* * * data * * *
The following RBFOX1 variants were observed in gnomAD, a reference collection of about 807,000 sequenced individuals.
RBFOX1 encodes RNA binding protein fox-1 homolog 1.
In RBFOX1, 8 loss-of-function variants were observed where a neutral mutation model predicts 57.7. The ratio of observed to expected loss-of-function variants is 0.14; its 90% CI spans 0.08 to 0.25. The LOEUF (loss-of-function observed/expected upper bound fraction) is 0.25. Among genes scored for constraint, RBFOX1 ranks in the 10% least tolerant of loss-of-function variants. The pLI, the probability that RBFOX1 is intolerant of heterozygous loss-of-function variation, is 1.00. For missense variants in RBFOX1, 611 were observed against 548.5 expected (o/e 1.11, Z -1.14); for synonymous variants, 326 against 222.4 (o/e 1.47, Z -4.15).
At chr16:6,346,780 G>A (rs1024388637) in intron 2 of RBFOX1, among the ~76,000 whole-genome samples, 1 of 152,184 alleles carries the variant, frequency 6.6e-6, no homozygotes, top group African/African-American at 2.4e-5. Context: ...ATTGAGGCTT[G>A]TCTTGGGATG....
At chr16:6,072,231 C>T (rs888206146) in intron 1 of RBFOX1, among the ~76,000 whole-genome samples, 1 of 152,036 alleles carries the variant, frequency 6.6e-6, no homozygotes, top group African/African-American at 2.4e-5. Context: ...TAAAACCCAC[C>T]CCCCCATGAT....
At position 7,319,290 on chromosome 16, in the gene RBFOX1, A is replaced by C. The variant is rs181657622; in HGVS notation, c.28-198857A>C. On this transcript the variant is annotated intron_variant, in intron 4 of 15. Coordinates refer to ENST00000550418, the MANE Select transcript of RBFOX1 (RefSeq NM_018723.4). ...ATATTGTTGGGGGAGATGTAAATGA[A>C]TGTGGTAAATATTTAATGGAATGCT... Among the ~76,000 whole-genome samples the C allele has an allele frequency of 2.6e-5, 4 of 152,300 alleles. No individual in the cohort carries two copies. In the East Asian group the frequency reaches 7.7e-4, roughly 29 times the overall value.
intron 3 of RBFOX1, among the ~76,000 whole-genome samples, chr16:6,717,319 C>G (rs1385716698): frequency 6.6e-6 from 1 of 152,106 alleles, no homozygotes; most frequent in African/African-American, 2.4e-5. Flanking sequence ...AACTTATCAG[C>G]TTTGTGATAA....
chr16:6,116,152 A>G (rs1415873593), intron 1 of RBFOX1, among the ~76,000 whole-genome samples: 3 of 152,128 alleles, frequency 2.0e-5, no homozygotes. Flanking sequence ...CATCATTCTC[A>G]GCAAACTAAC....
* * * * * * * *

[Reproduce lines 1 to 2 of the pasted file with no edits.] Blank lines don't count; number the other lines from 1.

The following RBFOX1 variants were observed in gnomAD, a reference collection of about 807,000 sequenced individuals.
RBFOX1 encodes RNA binding protein fox-1 homolog 1.